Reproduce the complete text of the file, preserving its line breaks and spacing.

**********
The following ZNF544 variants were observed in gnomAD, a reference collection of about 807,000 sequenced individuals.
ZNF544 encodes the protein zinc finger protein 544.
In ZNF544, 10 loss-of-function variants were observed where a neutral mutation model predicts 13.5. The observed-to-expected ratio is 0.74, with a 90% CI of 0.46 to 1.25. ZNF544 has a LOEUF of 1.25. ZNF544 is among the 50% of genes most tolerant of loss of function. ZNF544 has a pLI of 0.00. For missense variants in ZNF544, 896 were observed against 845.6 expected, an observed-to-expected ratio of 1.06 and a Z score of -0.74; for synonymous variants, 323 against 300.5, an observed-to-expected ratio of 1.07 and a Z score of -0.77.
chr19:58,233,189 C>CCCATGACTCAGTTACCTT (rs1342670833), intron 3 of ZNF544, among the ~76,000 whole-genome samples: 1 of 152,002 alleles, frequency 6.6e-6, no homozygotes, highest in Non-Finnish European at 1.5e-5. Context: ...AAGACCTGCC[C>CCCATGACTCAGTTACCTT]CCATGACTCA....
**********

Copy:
The following ZNF544 variants were observed in gnomAD, a reference collection of about 807,000 sequenced individuals.
ZNF544 encodes the protein zinc finger protein 544.
In ZNF544, 10 loss-of-function variants were observed where a neutral mutation model predicts 13.5. The observed-to-expected ratio is 0.74, with a 90% CI of 0.46 to 1.25. ZNF544 has a LOEUF of 1.25. ZNF544 is among the 50% of genes most tolerant of loss of function. ZNF544 has a pLI of 0.00. For missense variants in ZNF544, 896 were observed against 845.6 expected, an observed-to-expected ratio of 1.06 and a Z score of -0.74; for synonymous variants, 323 against 300.5, an observed-to-expected ratio of 1.07 and a Z score of -0.77.
chr19:58,233,189 C>CCCATGACTCAGTTACCTT (rs1342670833), intron 3 of ZNF544, among the ~76,000 whole-genome samples: 1 of 152,002 alleles, frequency 6.6e-6, no homozygotes, highest in Non-Finnish European at 1.5e-5. Context: ...AAGACCTGCC[C>CCCATGACTCAGTTACCTT]CCATGACTCA....